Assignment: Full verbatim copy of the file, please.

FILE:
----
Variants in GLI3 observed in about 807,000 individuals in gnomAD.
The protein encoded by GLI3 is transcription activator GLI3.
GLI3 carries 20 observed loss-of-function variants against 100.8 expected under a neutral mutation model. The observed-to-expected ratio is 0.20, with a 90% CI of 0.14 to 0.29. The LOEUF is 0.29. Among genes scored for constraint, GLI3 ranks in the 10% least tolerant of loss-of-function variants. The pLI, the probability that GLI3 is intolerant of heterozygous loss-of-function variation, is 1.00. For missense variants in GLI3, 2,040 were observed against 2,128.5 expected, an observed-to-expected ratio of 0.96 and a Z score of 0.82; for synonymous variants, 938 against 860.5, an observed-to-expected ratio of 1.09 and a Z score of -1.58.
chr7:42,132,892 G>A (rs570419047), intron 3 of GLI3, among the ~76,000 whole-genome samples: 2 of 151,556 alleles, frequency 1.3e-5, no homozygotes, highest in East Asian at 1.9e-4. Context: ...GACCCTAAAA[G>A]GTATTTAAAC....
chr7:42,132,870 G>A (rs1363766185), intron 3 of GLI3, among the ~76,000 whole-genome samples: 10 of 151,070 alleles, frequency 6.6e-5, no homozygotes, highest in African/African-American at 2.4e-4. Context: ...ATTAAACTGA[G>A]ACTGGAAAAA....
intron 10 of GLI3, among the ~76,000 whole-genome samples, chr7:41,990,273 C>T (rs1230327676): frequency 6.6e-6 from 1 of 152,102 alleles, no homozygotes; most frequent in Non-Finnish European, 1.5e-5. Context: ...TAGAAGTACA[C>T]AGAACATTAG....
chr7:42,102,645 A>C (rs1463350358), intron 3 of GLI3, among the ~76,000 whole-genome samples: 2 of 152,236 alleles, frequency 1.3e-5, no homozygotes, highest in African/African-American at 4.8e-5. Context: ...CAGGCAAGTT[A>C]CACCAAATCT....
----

Variants in GLI3 observed in about 807,000 individuals in gnomAD.
The protein encoded by GLI3 is transcription activator GLI3.
GLI3 carries 20 observed loss-of-function variants against 100.8 expected under a neutral mutation model. The observed-to-expected ratio is 0.20, with a 90% CI of 0.14 to 0.29. The LOEUF is 0.29. Among genes scored for constraint, GLI3 ranks in the 10% least tolerant of loss-of-function variants. The pLI, the probability that GLI3 is intolerant of heterozygous loss-of-function variation, is 1.00. For missense variants in GLI3, 2,040 were observed against 2,128.5 expected, an observed-to-expected ratio of 0.96 and a Z score of 0.82; for synonymous variants, 938 against 860.5, an observed-to-expected ratio of 1.09 and a Z score of -1.58.
chr7:42,132,892 G>A (rs570419047), intron 3 of GLI3, among the ~76,000 whole-genome samples: 2 of 151,556 alleles, frequency 1.3e-5, no homozygotes, highest in East Asian at 1.9e-4. Context: ...GACCCTAAAA[G>A]GTATTTAAAC....
chr7:42,132,870 G>A (rs1363766185), intron 3 of GLI3, among the ~76,000 whole-genome samples: 10 of 151,070 alleles, frequency 6.6e-5, no homozygotes, highest in African/African-American at 2.4e-4. Context: ...ATTAAACTGA[G>A]ACTGGAAAAA....
intron 10 of GLI3, among the ~76,000 whole-genome samples, chr7:41,990,273 C>T (rs1230327676): frequency 6.6e-6 from 1 of 152,102 alleles, no homozygotes; most frequent in Non-Finnish European, 1.5e-5. Context: ...TAGAAGTACA[C>T]AGAACATTAG....
chr7:42,102,645 A>C (rs1463350358), intron 3 of GLI3, among the ~76,000 whole-genome samples: 2 of 152,236 alleles, frequency 1.3e-5, no homozygotes, highest in African/African-American at 4.8e-5. Context: ...CAGGCAAGTT[A>C]CACCAAATCT....